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Ex-referee Dermot Gallagher reckons Cristiano Ronaldo was lucky not to see red

Dermot Gallagher Cristiano Ronaldo

Former Premier League referee Dermot Gallagher has argued that Cristiano Ronaldo was lucky not to have been sent off against Liverpool.

A visibly frustrated Ronaldo knocked Liverpool’s Curtis Jones over late on in the first half while Manchester United were trailing 3-0, and then kicked the ball into the 20-year-old on two occasions while he was on the ground.

Ronaldo was found to have made contact with the ball and not Jones with both of his kicks, but he very easily could have kicked the Liverpool midfielder while he was on the ground.

Gallagher was speaking on Sky Sports’ Ref Watch, and while he agreed that only a yellow card was warranted, he believes United’s star man was fortunate to avoid being sent off.

Dermot Gallagher on Cristiano Ronaldo.

“Ronaldo was lucky the ball was there, that is what saved him from being shown a red card. What also helped was that he stopped when he did,” Gallagher commented.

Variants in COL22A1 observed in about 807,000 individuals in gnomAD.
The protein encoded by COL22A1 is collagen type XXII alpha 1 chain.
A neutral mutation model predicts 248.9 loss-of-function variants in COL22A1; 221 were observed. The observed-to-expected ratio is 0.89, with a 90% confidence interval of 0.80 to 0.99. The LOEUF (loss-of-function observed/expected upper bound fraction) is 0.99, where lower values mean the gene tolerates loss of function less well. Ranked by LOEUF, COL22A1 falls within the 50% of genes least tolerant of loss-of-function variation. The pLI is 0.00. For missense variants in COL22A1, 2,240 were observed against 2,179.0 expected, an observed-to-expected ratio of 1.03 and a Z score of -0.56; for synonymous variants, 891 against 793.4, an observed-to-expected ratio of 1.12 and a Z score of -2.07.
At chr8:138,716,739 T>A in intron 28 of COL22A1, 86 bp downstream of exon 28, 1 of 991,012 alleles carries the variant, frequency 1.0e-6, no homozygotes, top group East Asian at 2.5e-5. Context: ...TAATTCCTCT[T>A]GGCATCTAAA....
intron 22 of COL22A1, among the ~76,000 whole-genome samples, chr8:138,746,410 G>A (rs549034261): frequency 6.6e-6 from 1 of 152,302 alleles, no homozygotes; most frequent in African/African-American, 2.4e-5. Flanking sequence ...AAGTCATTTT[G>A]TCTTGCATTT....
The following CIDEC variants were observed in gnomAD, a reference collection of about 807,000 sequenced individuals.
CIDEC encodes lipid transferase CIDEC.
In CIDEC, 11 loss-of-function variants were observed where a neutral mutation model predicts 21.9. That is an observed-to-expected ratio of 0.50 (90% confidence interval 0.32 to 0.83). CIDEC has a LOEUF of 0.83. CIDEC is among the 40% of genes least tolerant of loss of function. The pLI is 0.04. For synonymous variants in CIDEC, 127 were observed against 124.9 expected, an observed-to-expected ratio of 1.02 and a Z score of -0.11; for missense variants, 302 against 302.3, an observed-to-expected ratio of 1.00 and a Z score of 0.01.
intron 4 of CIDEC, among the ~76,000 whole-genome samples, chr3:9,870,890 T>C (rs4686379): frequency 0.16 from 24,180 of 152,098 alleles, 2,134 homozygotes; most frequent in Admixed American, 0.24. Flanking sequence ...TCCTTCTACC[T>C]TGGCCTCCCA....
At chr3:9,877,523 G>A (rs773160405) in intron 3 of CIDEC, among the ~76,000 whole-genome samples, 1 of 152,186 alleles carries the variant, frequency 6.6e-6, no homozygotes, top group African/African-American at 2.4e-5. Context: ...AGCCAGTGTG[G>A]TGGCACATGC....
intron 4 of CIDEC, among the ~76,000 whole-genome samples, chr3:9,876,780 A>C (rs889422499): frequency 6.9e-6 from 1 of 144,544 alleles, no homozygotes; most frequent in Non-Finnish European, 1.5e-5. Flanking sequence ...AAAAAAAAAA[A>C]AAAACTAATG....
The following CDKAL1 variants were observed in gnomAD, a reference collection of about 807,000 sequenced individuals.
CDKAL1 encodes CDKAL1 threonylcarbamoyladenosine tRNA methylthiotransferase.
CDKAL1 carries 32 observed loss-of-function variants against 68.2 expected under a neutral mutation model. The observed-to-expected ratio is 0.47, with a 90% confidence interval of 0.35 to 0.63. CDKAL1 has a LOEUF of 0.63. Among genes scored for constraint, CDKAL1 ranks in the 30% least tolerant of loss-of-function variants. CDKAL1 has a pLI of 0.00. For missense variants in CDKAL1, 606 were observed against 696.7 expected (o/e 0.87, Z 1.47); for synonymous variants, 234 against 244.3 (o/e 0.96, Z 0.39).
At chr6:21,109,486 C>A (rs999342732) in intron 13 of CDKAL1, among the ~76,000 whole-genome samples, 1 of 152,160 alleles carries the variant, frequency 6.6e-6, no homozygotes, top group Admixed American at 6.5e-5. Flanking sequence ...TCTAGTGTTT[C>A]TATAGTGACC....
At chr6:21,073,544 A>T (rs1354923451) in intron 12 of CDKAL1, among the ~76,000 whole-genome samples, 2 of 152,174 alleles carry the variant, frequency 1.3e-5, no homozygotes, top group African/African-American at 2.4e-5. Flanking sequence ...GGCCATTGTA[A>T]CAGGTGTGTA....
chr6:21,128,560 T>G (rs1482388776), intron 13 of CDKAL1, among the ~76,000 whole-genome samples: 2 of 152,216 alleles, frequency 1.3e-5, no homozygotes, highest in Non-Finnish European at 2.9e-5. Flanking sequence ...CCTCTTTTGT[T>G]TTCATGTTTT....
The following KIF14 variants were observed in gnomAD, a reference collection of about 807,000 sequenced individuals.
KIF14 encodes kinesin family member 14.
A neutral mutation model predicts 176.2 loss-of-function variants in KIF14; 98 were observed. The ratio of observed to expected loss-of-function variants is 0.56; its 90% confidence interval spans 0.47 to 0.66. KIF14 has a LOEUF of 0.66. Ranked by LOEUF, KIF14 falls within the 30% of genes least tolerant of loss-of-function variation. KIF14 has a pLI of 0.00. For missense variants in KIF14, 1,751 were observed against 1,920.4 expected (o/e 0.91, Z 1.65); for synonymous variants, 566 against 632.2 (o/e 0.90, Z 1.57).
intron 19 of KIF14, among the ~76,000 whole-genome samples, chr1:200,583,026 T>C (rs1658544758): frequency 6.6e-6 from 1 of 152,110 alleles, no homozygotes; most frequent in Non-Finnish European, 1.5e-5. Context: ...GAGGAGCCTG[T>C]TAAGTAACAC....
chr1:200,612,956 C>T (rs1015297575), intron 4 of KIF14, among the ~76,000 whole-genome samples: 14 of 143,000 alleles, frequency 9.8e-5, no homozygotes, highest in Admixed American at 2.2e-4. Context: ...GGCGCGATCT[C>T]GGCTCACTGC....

“It wasn’t the wisest thing to do, there is force behind the kicks, but the fact that the ball was there has done him a great favour.

“When you look at it in the end, the yellow card was the right decision. It’s difficult to say if things would have been different had Jones rolled about on the floor but he didn’t, he was very good and very professional.”

United were ultimately reduced to 10 men anyway.

Although Ronaldo narrowly avoided being given his marching orders, United team mate Paul Pogba was not so lucky. The Frenchman was shown a red card for a tackle on Liverpool’s Naby Keita on 60 minutes.

Referee Anthony Taylor originally gave Pogba a yellow card for the tackle, but after a VAR check he increased the sanction to a red, to pile more misery onto United on an already dreadful day for the Red Devils.

United actually managed to prevent Liverpool from adding to their five goals after Pogba was sent off, although the home side clearly adopted a damage control mentality as their players rarely left their own half in the final 30 minutes.

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